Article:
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I ended up going to the same college my mother went to, though it played no part on my decision. I mentioned it one day at dinner as a possibility and she arranged a tour. I often tell my students that when I got out of the car I just knew it was the place for me. Many schools have the slogan "You Belong Here!" but as I toured the campus that day I really knew that I did.
Since then I've realized that I lucked out. My feelings about the school were right and it ended up being the best place for me. One of the top education programs in the state, it prepared me to be a teacher and introduced me to many of my best friends.
For my Masters degrees, I spent more time investigating programs. I looked at rankings, reputation, cost, etc. I ended up pick university's close to home that also met my needs.
Like several others, I had to stay close to home so that I could work my way through school. I stayed on campus during the week and worked an evening job, and commuted home on the weekends to work a second job.
I have to say that I've become a bit of a doubter in regards to the importance -or even the existence - of The Right School. I think that the education you take away from any college is much more closely aligned with the effort you put in than with anything else. Even smaller and second-string schools offer opportunities for those who are willing to track them down.
I chose my college because it was close to home and it was affordable. It had a good reputation, but it was the most poorly run college I ever attended. Many of the professors were very good, but the bursar's office was forever losing student money...you had to save every receipt. I had some wonderful classes in my core studies...they changed the way I look at literature, and really enabled me to fall in love with many different kinds of writing. That kind of experience allows one to be passionate in the classroom about (God forbid, the kids think) Shakespeare, for instance.
I chose an institution that was far enough away that I was slightly disconnected from home, but close enough that I could come home when I wanted to, or my family could visit me regularly. I had other reasons as well, but none were related to academics, which is a major regret of mine. If I had it to do over, I think I would have simply chosen the school with the best academic program in my field (history) that I was able to get into, and attended there regardless of its geographic location.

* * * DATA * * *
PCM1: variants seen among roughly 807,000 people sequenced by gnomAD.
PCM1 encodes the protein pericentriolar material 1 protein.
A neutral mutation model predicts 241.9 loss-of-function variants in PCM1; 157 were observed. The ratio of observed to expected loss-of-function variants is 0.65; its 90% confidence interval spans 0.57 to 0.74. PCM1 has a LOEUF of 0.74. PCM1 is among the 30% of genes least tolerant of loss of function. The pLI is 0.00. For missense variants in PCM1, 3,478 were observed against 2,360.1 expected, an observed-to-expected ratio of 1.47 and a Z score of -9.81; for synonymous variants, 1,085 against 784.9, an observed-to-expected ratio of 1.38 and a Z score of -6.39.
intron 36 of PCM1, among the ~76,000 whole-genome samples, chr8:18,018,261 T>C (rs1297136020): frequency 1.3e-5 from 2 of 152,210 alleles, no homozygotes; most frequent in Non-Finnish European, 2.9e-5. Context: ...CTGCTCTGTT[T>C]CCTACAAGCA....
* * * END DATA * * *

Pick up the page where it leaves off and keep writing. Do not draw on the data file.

I wanted to attend a state university that was fairly close to home; with a decent college of education; and a major athletic program. I chose the University of Florida since it fit all of my needs, and I have never questioned my decision. Gainesville is a great college town with a fairly liberal setting (for Florida or the Deep South). Despite the large number of students who attended there, I was still able to find my niche in several areas (particularly music and theatre) that served as a sidelight to my degree in English Education. It was such a great experience that I remained in Gainesville for more than 30 years after graduating.
There were quite a few factors that went into my decision. First, my mom and older brother had gone to the school that I went to, so I had visited it many times and knew I liked the atmosphere. Probably the second factor was that I wanted a "college experience." I wanted to live on campus, join a sorority, and go to sporting events for a team I could get excited about. In my mind, the four years after high school was the only window of time that I would actually be able to get this experience, and I'm glad I did. Of course, it's not for everybody, so I wouldn't tell all of my students to choose on the same basis, but for some I think it would be good advice.
Sadly, the last factor for me was the school's reputation for its School of Education. I probably wouldn't have gone there had it not had a good School of Education, but I honestly don't think it was my deciding factor in the long run.
My situation was similar to that of vangoghfan. I went to the nearest local university because I could live with my family and commute there. This was back in the days when one could literally work one's way through college, which is exactly what I did. I had considered other schools; however finances made my attending anywhere but nearby impossible. In the long run, however, my choice proved to be the best. I have never once regretted my choice, even though it was thrust upon me; and have never felt that I was disadvantaged. In fact, I managed to earn my baccalaureate and first graduate degree from my alma mater. Later, when I had relocated, I earned a third degree, this time from a university near my then home so that I could again commute.
Frankly, with all the emphasis on which schools are better, etc., some consideration should be given to the ability and effort of the students. Even a good school can't do much for a poor student.
I stumbled into mine. I'd never heard of the college that I ended up going to until they sent me literature based on my PSAT scores. I applied because it sounded interesting with its emphasis on a great books core curriculum. I went there because it was the best school (in terms of the not-yet-so-controversial US News rankings) that I got into. I have to admit that my ego made me go because it seemed like going to a top school validated my view of myself as a smart person (kind of shallow, I know). Of course, I would not have gone had they not come up with an aid package that made it possible.
I chose an undergraduate college that was close to home and one to which I could commute. Finances were very tight at that time, and I could not have made another choice. Fortunately, it was a good school and I met faculty there who truly transformed my life. I could not be more grateful to them.
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